LONDON (Reuters) - London’s designers toyed with the idea of a British summer presenting a mixture of sheer lace dresses, furry stoles and raincoats, whilst moving their collections away from traditional seasons to reflect global demand for their clothes.
Delicate lace dresses were paired with cashmere coats and rucksacks at Burberry, in black, white and yellow, lending a edgy and urban feel to the British brand, which is famous for its trench coats.
Christopher Bailey, Burberry’s CEO and Chief Creative Officer told Reuters he wanted to create a mash-up of the different seasons his customers were experiencing across the globe to better reflect what they might want to wear.
“The collection tried to express these different worlds, so you had very white, very fragile little lace dresses, but you also had black cashmere coats on the runaway so it was this mash-up.”
London Fashion Week, which attracts 100 million pounds ($154.24 million)in orders each season according to the British Fashion Council, has sharpened its business focus over the past few years to usher in a new generation of fashion designers who blend creativity with a healthy dose of commerce.
The emergence of more commercially savvy designers has made the city a key destination for buyers to visit on the fashion week calendar which will move onto Milan and Paris.
“I think the younger designers which is really why people come to London,” said Justin O‘Shea, buying director at online luxury retailer MyTheresa.com.
“The fact that they are solidified and cemented their identity is the reason why people are coming back because now it’s about business.”
Earlier in the week, furry stoles were draped over cocktail dresses, loose shirts and pencil skirts at Topshop Unique, taking on a 1980s feel, which also featured sheer lace dresses with floral detailing, in black and white.
Topshop Unique Creative Director Kate Phelan said she drew on the idea of a British summer, from garden parties to the heritage of Savile Row tailoring for the collection, which also comprised sweaters and coats layered over outfits to reflect outfits for all seasons.
“I think fashion has become totally seasonless,” Anna Wintour, editor-in-chief of U.S. Vogue, told Reuters.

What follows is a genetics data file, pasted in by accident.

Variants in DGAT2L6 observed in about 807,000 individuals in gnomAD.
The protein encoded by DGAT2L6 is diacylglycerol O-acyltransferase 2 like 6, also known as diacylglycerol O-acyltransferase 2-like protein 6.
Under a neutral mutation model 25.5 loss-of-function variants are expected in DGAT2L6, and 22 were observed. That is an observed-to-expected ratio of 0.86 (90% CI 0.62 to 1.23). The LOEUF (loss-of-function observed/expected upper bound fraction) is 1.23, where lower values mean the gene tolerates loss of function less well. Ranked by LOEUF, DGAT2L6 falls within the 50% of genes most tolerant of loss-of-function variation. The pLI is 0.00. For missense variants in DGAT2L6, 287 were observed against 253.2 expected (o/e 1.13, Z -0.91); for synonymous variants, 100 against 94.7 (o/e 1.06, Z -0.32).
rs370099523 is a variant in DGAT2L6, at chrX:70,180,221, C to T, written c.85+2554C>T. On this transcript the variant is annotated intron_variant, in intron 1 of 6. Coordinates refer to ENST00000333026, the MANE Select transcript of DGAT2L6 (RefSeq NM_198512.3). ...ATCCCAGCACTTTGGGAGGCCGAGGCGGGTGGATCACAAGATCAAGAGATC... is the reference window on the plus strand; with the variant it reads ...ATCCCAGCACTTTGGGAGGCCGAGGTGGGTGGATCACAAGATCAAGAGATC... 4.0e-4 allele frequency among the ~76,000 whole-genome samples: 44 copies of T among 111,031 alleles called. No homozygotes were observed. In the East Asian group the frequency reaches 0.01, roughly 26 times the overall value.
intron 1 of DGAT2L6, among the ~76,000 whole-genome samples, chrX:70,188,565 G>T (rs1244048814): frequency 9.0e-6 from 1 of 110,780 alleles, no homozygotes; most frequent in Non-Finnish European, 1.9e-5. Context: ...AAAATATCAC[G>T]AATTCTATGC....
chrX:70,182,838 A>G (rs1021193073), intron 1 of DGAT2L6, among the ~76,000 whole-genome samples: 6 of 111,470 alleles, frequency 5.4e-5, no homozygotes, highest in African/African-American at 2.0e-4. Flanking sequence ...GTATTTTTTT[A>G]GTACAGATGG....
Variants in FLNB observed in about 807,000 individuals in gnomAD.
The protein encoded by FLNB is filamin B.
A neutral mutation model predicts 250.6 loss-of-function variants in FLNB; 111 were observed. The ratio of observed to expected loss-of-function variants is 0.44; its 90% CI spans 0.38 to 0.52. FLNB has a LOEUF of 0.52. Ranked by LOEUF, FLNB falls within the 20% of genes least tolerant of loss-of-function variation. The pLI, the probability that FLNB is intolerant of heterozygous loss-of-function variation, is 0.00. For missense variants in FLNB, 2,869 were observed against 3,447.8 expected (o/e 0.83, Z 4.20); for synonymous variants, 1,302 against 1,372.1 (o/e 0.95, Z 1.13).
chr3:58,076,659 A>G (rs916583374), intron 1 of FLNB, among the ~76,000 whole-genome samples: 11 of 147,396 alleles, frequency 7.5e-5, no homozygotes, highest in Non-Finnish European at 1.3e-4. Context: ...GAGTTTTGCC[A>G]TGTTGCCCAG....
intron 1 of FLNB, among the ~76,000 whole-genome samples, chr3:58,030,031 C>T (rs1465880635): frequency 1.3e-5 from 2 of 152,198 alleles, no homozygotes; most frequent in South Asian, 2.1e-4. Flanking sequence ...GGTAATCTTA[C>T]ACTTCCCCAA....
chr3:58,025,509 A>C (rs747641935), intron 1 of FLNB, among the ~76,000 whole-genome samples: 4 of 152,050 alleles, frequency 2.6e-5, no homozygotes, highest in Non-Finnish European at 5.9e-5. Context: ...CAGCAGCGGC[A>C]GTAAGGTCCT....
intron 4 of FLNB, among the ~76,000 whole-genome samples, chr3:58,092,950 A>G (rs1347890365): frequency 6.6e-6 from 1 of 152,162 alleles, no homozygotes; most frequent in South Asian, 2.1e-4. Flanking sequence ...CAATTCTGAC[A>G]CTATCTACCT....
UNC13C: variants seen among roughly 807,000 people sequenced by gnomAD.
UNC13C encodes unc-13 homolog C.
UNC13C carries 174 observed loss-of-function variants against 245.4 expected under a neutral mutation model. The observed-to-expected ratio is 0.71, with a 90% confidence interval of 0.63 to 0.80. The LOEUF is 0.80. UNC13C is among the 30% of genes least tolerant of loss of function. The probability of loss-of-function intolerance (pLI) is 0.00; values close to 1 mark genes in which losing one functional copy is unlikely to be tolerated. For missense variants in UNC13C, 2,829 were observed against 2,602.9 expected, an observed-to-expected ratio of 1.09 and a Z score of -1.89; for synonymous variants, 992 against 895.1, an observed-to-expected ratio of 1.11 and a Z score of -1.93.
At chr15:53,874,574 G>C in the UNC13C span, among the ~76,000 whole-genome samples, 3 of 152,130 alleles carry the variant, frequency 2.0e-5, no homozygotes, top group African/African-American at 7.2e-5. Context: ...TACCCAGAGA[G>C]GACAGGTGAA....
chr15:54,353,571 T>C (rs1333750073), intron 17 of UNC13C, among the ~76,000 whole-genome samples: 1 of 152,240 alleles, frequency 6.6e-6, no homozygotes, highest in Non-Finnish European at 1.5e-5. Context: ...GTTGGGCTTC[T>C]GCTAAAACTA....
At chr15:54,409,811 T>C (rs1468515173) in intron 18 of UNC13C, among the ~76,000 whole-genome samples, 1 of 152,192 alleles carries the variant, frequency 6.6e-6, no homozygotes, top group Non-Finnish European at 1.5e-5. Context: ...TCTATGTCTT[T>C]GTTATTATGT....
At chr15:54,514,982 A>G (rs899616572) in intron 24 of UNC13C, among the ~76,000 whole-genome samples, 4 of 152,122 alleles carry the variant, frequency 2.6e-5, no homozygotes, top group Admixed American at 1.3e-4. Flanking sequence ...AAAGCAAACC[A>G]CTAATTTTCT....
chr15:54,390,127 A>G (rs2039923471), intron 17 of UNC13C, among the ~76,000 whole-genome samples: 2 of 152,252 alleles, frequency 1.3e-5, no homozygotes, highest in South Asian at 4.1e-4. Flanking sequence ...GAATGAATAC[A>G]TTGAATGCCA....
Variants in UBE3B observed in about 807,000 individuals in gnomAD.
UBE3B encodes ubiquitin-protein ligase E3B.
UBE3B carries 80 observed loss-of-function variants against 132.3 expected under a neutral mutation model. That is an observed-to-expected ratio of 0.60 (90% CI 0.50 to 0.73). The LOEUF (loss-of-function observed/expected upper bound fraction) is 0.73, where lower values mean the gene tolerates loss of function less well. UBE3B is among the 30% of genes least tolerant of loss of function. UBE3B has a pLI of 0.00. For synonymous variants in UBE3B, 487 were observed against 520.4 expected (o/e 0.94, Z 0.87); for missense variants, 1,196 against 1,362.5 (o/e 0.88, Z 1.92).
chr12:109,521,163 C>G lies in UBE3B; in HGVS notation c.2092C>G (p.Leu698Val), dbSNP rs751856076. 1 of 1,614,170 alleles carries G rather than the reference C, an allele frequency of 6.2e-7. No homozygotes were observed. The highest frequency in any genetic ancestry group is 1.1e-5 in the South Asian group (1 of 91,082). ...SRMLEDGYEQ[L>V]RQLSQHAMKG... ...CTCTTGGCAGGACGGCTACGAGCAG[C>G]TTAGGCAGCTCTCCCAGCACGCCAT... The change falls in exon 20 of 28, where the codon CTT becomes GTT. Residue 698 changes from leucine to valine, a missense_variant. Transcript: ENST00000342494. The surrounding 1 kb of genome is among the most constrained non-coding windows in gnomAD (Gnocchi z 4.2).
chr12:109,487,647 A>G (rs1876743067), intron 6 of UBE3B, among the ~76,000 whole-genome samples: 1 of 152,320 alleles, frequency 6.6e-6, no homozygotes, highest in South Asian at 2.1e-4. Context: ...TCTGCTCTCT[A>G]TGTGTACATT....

“I don’t understand colors and seasons anymore, because it seems like they show winter clothes in the summer and summer clothes in the winter, so I don’t really worry about seasons.”
Earlier on in the week, designer Molly Goddard presented a collection of voluminous tulle dresses drawing on a “bleak” English summer for inspiration by placing her models in a sandwich factory setting.
Wellington boot maker Hunter used British music festivals as a starting point for its collection, which featured camouflage dresses and vinyl raincoats.
Designers also looked to artists and paintings for inspiration at Holly Fulton and Jasper Conran, playing with color, prints and detailed embellishment and embroidery.
“There is an element of fantasy coming (into collections) and a surreal beauty,” said O‘Shea. “There’s something a little bit darker to it which I think is a continuation from fall,” he added.
The week finished with a uplifting show from accessories designer Anya Hindmarch, who presented a collection of handbags and shoes with graphic details inspired by retailers like British department store John Lewis and French supermarket Carrefour.
“The collection was very much inspired by pattern,” said Hindmarch said backstage after her show.
“We worked with brands that meant something to me in my childhood, unlikely in a way but have really strong graphic identity.”
Accessories designers have started to form an important part of London Fashion Week, especially as the one of the highest performing categories for womenswear.
“It’s really the brands which have a true identity, which seem to be performing the best,” said O‘Shea. “I think that there’s something in that especially for the London designers, that seems to be most appealing thing to the consumer at the moment.”
Additional reporting by Ngozi Kemjika and Jane Witherspoon